Understanding 2019 income tax changes


Before you start filing your income tax return, there are some key changes you need to know about. Financial experts say the Tax Reform Act of 2017 is the most significant set of changes to the U.S. Tax Code in decades.

Even though the tax reform bill was passed in 2017, it didn’t apply to the taxes you filed last year. When you file this year, you’ll see the difference. You probably even noticed less money being withheld from your paychecks this year as a result of the changes.

Over the next two and a half months, nearly 3,000 people will use H&R Block’s services just at the facility in Oak Ridge, due to significant changes this year following the 2017 Tax Cut and Jobs Act.

“So the good thing is there is no longer a 1040 EZ, a 1040A, and a 1040. It is now just two pages. The first page of the 1040 and the second page,” said senior tax specialist Brandi Selvidge.

According to tax experts, there are a few differences in the new federal tax code: You’ll see changes to the tax rate, medical deductions, alimony payments and child tax credits.  

“The additional child tax credit has increased from $1,000 last year for children under the age of 17 to $2,000. And $1,400 of that is refundable,” Selvidge said.

While credits for kids have increased so have individual standard deductions for singles and married couples.

“It has nearly doubled. Last year if you were single, your standard deduction would have been $6,300 and this year it will be $12,000,” said Selvidge. “Married filing joint last year would have been $12,000. This year it is $24,000.”

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The tax tables for standard deductions — married couples filing jointly and single taxpayers — have changed as well. 

“Most individual income tax rates have lowered,” said Selvidge. “Last year at the end of February, employers started using the updated IRS withholding tables. So, people were seeing more in their paychecks throughout the year. So, those who did not change their W-4, might be surprised when their refund is smaller. Because they’ve seen the benefit of the tax reform throughout the year in their paycheck.”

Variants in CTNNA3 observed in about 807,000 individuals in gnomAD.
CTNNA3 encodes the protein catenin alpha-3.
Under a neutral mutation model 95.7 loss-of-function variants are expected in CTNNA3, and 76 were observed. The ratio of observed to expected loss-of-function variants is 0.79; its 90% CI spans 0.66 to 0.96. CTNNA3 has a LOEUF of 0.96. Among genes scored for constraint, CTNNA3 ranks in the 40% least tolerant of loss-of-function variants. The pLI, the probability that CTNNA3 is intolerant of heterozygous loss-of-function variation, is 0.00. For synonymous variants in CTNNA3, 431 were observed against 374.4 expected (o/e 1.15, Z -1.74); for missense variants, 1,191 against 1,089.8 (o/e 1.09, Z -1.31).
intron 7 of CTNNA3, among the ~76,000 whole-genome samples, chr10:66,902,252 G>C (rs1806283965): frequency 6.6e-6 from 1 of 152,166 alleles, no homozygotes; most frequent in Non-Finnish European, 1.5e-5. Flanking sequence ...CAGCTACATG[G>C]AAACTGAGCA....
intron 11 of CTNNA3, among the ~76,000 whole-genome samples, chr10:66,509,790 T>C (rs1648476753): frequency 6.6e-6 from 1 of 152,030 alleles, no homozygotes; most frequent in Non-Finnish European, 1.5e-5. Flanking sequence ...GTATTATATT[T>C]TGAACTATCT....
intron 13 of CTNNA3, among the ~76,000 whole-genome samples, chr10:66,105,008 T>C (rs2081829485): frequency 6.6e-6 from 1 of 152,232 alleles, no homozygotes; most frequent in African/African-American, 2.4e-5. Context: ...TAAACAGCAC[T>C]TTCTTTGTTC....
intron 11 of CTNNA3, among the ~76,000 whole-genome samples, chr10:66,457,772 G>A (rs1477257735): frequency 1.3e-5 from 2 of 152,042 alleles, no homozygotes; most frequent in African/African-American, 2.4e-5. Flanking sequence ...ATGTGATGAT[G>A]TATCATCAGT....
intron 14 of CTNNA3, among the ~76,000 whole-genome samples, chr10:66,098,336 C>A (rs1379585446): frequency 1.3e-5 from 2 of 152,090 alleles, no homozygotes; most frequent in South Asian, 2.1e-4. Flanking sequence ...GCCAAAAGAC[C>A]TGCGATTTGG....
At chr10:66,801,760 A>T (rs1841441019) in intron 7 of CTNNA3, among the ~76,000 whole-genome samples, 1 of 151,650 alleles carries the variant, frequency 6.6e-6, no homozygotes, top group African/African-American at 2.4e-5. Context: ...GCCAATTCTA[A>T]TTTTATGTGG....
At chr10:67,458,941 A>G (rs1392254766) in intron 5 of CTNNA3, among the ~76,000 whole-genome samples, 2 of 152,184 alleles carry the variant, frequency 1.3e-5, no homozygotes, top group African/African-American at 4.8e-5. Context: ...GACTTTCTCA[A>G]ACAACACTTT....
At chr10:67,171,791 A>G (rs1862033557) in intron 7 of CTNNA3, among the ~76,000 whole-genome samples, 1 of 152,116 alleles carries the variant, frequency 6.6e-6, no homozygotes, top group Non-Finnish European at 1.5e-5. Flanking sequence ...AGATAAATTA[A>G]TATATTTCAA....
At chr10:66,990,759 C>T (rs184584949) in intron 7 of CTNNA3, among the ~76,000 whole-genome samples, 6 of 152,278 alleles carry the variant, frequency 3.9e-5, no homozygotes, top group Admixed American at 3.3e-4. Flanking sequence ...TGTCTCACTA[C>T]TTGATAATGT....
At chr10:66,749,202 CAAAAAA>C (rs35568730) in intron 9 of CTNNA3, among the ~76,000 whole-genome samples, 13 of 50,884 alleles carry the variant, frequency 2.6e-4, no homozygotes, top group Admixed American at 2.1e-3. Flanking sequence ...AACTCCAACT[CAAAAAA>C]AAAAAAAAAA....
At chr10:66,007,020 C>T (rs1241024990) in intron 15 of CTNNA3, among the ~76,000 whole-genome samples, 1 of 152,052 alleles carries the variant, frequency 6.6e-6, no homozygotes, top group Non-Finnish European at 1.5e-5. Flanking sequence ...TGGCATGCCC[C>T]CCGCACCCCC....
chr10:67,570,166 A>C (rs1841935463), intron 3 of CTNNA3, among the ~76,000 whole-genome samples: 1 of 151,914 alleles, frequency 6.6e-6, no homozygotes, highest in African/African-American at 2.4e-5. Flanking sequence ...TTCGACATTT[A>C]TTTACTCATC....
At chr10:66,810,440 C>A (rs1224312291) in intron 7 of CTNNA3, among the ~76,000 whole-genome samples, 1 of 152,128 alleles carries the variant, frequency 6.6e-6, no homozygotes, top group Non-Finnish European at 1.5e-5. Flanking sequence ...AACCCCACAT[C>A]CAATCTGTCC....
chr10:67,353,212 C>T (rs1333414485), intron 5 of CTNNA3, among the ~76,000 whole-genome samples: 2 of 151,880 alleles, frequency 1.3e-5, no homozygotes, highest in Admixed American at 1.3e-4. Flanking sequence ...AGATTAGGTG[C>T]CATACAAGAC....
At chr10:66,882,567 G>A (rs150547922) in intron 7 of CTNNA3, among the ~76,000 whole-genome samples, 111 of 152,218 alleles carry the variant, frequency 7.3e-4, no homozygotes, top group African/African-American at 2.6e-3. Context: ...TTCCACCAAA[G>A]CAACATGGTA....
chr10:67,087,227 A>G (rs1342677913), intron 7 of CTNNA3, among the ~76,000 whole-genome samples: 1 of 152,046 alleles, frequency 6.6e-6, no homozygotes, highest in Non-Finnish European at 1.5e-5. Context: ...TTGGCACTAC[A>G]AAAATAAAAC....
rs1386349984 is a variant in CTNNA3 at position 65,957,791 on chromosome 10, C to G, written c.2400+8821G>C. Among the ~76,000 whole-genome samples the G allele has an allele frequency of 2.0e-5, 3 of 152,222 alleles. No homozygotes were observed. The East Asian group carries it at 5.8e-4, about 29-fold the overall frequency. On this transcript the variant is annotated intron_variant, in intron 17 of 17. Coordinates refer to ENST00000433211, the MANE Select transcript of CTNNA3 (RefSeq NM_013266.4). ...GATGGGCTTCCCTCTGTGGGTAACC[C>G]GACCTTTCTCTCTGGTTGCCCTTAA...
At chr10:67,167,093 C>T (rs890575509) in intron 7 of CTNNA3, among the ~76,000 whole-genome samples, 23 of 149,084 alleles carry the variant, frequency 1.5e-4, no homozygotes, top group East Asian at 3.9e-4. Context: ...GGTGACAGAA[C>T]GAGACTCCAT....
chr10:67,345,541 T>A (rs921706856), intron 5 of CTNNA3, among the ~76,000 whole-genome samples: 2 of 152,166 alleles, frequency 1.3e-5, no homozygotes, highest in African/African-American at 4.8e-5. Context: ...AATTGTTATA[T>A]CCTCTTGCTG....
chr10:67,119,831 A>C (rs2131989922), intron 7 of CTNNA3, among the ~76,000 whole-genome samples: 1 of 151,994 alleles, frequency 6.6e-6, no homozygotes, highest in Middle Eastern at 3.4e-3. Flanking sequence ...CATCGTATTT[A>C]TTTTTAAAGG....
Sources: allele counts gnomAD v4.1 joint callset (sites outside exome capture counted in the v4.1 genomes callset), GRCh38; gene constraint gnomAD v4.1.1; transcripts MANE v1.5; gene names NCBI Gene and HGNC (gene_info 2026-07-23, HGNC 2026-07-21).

Selvidge also explained a big change with the Affordable Care Act.

“There is no longer a penalty for not carrying insurance,” she said.

The threshold to deduct medical expenses temporarily fell from 10 percent to 7.5 percent, which helps people who have a lot of medical bills. 

For people in the process of getting a divorce, 2018 is the last year that alimony payments can be deducted from their taxes. 

“The tax reform was made to make things simpler, but it’s the biggest change we’ve had in the tax industry in 30 years So, you’re going to need some help figuring out what it means to you personally,” Selvidge said.

Many tax breaks survived the tax reform unscathed, including capital gains and qualified dividend taxes, the child and dependent care credit, the American opportunity credit, the lifetime learning credit, the student loan interest deduction, and tax deductions for retirement savings.

There are also no more breaks for moving expenses except for certain military men and women.

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